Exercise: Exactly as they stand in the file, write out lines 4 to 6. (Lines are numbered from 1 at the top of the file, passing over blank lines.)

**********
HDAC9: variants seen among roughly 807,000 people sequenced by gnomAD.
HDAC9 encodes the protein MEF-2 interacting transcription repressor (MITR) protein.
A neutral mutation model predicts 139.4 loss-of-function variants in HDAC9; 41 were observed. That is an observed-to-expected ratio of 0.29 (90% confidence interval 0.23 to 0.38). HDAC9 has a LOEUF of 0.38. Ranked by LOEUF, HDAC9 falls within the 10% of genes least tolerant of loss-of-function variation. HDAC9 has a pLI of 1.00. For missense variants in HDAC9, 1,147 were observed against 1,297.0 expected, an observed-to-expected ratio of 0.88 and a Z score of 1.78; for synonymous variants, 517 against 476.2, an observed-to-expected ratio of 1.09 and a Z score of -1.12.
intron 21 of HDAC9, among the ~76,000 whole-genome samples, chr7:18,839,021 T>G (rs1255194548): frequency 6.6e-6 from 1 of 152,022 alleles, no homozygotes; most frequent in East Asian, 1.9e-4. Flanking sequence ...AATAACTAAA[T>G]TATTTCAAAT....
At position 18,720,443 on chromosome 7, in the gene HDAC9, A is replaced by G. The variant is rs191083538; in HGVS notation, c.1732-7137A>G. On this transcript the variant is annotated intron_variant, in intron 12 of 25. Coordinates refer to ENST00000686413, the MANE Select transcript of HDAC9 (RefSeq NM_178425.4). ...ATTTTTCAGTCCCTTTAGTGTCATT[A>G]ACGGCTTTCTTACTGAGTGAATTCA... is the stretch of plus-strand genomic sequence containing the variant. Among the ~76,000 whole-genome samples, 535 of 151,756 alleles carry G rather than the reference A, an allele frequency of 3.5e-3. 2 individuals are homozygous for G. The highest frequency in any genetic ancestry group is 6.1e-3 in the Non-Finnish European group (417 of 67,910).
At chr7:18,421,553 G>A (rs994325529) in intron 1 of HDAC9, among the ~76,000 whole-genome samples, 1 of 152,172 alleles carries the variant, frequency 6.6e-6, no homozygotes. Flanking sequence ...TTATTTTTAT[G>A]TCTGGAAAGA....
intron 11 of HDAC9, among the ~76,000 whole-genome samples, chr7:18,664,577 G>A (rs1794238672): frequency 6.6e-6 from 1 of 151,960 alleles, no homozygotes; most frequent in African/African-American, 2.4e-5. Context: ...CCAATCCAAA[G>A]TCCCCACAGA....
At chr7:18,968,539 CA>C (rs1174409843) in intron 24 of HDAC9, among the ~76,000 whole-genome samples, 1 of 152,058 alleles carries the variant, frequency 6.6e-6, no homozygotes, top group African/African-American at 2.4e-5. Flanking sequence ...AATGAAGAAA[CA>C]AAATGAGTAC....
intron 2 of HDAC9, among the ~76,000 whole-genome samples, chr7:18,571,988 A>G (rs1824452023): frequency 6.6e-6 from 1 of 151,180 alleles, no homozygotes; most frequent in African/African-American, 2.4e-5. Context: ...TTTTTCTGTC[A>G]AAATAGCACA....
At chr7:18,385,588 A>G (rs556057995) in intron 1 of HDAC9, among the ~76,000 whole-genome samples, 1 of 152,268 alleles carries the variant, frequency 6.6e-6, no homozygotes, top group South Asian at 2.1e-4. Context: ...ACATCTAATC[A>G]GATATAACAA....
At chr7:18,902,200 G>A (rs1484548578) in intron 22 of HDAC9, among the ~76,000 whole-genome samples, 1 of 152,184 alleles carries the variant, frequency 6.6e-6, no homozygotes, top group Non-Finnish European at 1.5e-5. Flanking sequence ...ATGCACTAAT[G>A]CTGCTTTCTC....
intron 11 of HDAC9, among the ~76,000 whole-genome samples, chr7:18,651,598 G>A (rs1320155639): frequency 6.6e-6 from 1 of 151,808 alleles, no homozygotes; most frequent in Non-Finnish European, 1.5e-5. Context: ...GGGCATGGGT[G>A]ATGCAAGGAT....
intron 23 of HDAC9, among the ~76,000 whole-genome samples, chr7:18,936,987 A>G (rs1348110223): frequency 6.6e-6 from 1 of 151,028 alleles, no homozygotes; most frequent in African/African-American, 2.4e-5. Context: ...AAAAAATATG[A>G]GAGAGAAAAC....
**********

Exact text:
intron 21 of HDAC9, among the ~76,000 whole-genome samples, chr7:18,839,021 T>G (rs1255194548): frequency 6.6e-6 from 1 of 152,022 alleles, no homozygotes; most frequent in East Asian, 1.9e-4. Flanking sequence ...AATAACTAAA[T>G]TATTTCAAAT....
At position 18,720,443 on chromosome 7, in the gene HDAC9, A is replaced by G. The variant is rs191083538; in HGVS notation, c.1732-7137A>G. On this transcript the variant is annotated intron_variant, in intron 12 of 25. Coordinates refer to ENST00000686413, the MANE Select transcript of HDAC9 (RefSeq NM_178425.4). ...ATTTTTCAGTCCCTTTAGTGTCATT[A>G]ACGGCTTTCTTACTGAGTGAATTCA... is the stretch of plus-strand genomic sequence containing the variant. Among the ~76,000 whole-genome samples, 535 of 151,756 alleles carry G rather than the reference A, an allele frequency of 3.5e-3. 2 individuals are homozygous for G. The highest frequency in any genetic ancestry group is 6.1e-3 in the Non-Finnish European group (417 of 67,910).
At chr7:18,421,553 G>A (rs994325529) in intron 1 of HDAC9, among the ~76,000 whole-genome samples, 1 of 152,172 alleles carries the variant, frequency 6.6e-6, no homozygotes. Flanking sequence ...TTATTTTTAT[G>A]TCTGGAAAGA....